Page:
Despite the fact that nights are shorter because there are more daylight hours and contrary to logic, summer is a perfect season to see astronomical phenomena. Few, yes, precisely for this reason: because there is more light and more daylight hours, they are more difficult to produce.
But the few that there are can be seen clearly because summer, which officially began on June 21 at 4:58 p.m., is usually accompanied by clear skies.
Thus, after the change of season and the summer solstice -the longest day of the year- comes the first full moon, which is also the first summer supermoon. Known as the deer moonIt will take place on July 3.
He July 12 Manhattanhenge occursa contraction between Manhattan (New York district, in the USA) and stonehenge (United Kingdom), the latter place where the sun aligns with the stones on the solstices. And as its name indicates, that is what it is about: alignment of the sun at sunset in an east-west direction with the streets of the main urban layout in Manhattan. It is an event that it happens only twice a year and the recommended recommendations for viewing are streets 14, 34, 42, 57 and 79.
He July 30-31 the peak moment of the Delta Aquarids meteor shower. The Delta Aquarids They are shooting stars visible at a average height of 100 kilometers, and that can be enjoyed from areas with low light pollution. The area where the fleeting ones appear to come from occurs in the Aquarius constellation.
Less intense and less visible
Compared to the Perseids it is a less intense rain in terms of the number of meteors observed, but since they are slower, longer and with more persistent trails, they can produce a greater visual impact in the observer. On the night of the last day of July, the moon will be 95.6% full (on July 17 it will be in a new phase), which will make it difficult to observe the aquarid rain.
On August 1 comes the second supermoon of summer, the sturgeon moon. It is called the sturgeon because it is the time when Native Americans fished more easily That large fish in the great rivers and lakes of the country.
Mercury at its best
On August 9, just after sunset, it will be possible to capture Mercury at its maximum east elongation. At that time, the observation conditions will be optimal and this planet will be seen in its maximum splendor. And all this, despite the fact that it is one of the most difficult to observe with the naked eye because, being an inferior planet, like Venus, it has its orbit very close to the sun.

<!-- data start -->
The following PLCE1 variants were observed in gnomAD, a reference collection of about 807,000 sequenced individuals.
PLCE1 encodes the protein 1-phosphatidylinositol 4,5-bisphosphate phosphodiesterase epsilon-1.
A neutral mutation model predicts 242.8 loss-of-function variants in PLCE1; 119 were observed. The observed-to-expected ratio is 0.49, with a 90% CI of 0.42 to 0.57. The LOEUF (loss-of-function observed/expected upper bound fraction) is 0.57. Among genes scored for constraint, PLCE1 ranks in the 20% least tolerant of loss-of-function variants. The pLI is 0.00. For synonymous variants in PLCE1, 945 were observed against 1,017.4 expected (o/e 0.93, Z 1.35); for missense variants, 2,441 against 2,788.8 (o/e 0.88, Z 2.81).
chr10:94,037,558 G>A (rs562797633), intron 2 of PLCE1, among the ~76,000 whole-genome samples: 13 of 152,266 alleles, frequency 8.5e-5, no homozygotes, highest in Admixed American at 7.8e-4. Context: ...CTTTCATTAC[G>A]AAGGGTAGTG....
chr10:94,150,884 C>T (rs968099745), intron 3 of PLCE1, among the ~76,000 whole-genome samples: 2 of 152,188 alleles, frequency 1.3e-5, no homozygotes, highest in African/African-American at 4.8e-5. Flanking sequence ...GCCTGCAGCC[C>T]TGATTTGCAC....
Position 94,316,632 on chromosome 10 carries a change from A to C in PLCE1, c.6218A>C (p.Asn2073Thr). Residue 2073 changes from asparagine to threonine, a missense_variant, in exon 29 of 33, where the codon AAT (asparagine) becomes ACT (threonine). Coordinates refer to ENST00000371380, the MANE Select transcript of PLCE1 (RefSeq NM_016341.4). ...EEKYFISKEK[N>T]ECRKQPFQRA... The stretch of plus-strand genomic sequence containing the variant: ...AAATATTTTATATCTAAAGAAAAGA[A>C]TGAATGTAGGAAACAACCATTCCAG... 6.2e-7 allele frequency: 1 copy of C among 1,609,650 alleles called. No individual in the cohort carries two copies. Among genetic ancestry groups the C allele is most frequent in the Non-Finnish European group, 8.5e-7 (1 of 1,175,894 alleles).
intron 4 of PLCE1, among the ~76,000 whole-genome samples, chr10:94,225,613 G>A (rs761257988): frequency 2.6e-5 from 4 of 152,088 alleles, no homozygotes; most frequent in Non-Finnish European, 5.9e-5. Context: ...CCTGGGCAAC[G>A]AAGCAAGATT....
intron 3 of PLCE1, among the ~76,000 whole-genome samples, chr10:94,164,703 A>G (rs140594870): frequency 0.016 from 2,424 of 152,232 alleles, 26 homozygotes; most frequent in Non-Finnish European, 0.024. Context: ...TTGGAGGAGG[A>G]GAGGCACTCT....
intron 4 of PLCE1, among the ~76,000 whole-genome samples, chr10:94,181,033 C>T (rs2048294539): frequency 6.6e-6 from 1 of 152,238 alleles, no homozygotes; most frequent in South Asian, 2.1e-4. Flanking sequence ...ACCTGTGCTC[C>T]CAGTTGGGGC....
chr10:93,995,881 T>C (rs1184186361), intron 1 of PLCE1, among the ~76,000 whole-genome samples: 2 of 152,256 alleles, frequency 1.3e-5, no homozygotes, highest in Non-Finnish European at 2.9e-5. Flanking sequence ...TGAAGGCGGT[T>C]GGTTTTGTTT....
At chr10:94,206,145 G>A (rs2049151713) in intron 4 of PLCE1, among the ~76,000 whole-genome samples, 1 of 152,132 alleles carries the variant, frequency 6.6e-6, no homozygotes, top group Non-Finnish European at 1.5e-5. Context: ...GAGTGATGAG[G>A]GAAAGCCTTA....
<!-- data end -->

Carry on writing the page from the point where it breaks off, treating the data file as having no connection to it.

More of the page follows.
the night of August 12-13 It has the high point of another spectacular meteor shower, the Perseids, popularly known as tears of saint lawrencea meteor shower that occurs in summer as a consequence of the entry of celestial bodies into the earth’s atmosphere. In the specific case of the Perseids, the fragments come from the Comet 109P/Swift-Tuttle that, at a certain moment, comes into contact with the Earth’s atmosphere. Although it has not been scientifically proven, it is speculated that the term perseids could be related to perseus constellation. The fact that the moon is at 10% of its phase will mean that, if the skies are clear, the rain can be easily observed.
Saturn and its rings, visible
the night of August 27th Saturn reaches its opposition, being brighter than at any other time of the year. This will be the perfect night to view and photograph the planet and its rings.
The last supermoon of summer it occurs on August 31 and is a very special supermoon. Is called blue Moon and it is only called that when a month of the year has two full moons, so only one blue moon can be glimpsed every two or three years, with minor exceptions. The last precedent was also in August, but from 2021.
The next supermoon, the fourth and last of the year, will be on September 29Yeah in autumn.
Neptune and Mercury close the summer
Finally, at the end of the summer, Neptune reaches its opposition, appearing brighter than at any other time of the year (on September 19) and on the 22nd, before the beginning of autumn 2023 -which begins on September 23 at 8:50 a.m.-, Mercury will reach its maximum west extension.
In addition, and during most of the nights in summer, you can see the so-called summer triangleformed by the stars vega (from the constellation Lyra), deneb (from the constellation Cygnus) and altaïr (from the constellation Aquila). Each of those three stars is the main one in its constellation.